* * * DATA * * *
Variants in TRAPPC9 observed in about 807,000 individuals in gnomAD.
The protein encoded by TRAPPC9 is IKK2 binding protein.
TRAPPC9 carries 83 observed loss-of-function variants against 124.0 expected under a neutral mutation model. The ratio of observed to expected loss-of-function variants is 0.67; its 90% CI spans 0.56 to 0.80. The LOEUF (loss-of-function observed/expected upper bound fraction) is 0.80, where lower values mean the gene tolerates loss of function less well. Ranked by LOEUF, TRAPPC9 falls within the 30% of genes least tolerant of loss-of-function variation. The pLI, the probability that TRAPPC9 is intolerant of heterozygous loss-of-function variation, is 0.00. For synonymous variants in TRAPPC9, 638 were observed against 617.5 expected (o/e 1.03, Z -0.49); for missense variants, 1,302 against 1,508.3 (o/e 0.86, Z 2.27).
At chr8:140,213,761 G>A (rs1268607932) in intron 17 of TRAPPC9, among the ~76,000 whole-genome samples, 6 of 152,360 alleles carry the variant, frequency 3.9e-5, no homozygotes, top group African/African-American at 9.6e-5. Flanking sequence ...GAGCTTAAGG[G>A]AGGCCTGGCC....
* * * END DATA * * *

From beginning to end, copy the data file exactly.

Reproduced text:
Variants in TRAPPC9 observed in about 807,000 individuals in gnomAD.
The protein encoded by TRAPPC9 is IKK2 binding protein.
TRAPPC9 carries 83 observed loss-of-function variants against 124.0 expected under a neutral mutation model. The ratio of observed to expected loss-of-function variants is 0.67; its 90% CI spans 0.56 to 0.80. The LOEUF (loss-of-function observed/expected upper bound fraction) is 0.80, where lower values mean the gene tolerates loss of function less well. Ranked by LOEUF, TRAPPC9 falls within the 30% of genes least tolerant of loss-of-function variation. The pLI, the probability that TRAPPC9 is intolerant of heterozygous loss-of-function variation, is 0.00. For synonymous variants in TRAPPC9, 638 were observed against 617.5 expected (o/e 1.03, Z -0.49); for missense variants, 1,302 against 1,508.3 (o/e 0.86, Z 2.27).
At chr8:140,213,761 G>A (rs1268607932) in intron 17 of TRAPPC9, among the ~76,000 whole-genome samples, 6 of 152,360 alleles carry the variant, frequency 3.9e-5, no homozygotes, top group African/African-American at 9.6e-5. Flanking sequence ...GAGCTTAAGG[G>A]AGGCCTGGCC....